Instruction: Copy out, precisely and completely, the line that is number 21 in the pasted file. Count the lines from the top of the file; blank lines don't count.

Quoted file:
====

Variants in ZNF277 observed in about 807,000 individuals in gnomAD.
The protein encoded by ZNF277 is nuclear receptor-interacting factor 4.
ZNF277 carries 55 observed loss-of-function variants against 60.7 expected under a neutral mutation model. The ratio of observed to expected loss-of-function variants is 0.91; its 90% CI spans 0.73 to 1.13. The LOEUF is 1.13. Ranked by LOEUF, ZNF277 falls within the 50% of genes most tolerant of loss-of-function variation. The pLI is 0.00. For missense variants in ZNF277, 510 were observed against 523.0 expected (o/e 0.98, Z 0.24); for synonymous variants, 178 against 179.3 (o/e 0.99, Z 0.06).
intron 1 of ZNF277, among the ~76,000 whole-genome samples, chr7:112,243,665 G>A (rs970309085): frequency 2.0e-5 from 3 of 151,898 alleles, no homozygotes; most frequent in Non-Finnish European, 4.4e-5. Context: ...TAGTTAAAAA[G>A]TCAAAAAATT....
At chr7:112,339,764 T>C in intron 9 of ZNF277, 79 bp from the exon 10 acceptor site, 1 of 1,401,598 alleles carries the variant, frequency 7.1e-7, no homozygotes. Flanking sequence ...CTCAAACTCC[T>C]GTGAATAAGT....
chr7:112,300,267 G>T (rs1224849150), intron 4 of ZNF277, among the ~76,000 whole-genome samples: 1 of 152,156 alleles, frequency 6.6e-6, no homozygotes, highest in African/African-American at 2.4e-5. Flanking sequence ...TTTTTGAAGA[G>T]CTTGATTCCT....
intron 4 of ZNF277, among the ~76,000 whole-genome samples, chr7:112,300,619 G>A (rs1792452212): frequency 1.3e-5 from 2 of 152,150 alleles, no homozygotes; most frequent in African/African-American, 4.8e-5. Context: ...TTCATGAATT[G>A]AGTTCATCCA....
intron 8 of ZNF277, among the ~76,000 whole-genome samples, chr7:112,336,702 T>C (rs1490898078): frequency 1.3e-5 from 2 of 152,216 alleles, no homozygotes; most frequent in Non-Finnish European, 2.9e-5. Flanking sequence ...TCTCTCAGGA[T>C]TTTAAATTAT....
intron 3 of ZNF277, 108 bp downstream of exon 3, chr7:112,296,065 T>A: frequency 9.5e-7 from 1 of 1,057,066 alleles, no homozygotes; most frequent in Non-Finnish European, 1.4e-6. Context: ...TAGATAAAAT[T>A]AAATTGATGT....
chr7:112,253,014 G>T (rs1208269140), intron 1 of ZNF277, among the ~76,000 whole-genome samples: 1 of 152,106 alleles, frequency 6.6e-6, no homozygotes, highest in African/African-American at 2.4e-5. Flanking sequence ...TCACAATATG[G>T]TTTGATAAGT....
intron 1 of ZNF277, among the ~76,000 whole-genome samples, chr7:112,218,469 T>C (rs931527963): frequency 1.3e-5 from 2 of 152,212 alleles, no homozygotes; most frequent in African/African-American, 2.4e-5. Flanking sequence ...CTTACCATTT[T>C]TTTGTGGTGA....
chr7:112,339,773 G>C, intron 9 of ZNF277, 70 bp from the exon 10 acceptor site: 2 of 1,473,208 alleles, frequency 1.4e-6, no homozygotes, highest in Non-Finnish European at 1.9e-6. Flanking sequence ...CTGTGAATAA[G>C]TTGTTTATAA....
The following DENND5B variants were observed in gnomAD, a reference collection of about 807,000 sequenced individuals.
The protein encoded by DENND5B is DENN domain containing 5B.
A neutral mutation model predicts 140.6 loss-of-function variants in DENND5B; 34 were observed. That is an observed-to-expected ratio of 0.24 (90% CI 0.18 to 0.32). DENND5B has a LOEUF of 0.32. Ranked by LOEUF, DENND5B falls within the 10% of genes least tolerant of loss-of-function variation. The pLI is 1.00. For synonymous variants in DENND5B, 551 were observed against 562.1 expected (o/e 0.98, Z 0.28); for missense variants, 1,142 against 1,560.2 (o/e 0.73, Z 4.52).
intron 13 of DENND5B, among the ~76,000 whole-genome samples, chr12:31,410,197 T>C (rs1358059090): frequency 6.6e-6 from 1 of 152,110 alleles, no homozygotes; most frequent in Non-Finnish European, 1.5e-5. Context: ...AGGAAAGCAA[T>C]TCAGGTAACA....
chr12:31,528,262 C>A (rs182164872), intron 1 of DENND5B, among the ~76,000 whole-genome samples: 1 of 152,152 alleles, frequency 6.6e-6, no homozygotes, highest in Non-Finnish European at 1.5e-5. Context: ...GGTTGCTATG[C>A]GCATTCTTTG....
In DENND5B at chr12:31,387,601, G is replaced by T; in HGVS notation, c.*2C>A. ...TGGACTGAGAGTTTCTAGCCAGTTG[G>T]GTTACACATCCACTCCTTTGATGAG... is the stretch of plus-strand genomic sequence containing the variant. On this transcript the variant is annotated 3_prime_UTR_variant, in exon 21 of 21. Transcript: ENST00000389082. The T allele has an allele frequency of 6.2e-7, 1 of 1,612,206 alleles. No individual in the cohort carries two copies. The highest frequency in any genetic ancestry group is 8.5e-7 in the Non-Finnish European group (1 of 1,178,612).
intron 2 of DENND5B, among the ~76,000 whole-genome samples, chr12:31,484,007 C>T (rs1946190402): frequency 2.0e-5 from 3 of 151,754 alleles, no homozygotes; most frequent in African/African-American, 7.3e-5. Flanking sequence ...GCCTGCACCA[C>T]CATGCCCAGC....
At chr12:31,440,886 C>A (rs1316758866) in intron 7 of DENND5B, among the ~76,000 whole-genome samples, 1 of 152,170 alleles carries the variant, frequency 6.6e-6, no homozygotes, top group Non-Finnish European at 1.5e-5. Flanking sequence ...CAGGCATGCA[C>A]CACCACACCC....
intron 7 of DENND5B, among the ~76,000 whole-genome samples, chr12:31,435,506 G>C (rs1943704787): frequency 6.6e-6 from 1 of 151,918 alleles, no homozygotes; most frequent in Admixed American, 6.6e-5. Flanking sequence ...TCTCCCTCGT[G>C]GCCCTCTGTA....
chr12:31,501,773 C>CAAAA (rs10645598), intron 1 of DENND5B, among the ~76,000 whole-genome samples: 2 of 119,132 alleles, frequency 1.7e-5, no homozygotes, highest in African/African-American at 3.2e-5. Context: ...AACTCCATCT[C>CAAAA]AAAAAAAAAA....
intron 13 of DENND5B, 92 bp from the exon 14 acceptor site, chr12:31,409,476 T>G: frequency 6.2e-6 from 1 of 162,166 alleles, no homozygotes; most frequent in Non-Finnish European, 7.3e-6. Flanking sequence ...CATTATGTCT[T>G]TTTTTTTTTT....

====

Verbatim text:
intron 7 of DENND5B, among the ~76,000 whole-genome samples, chr12:31,435,506 G>C (rs1943704787): frequency 6.6e-6 from 1 of 151,918 alleles, no homozygotes; most frequent in Admixed American, 6.6e-5. Flanking sequence ...TCTCCCTCGT[G>C]GCCCTCTGTA....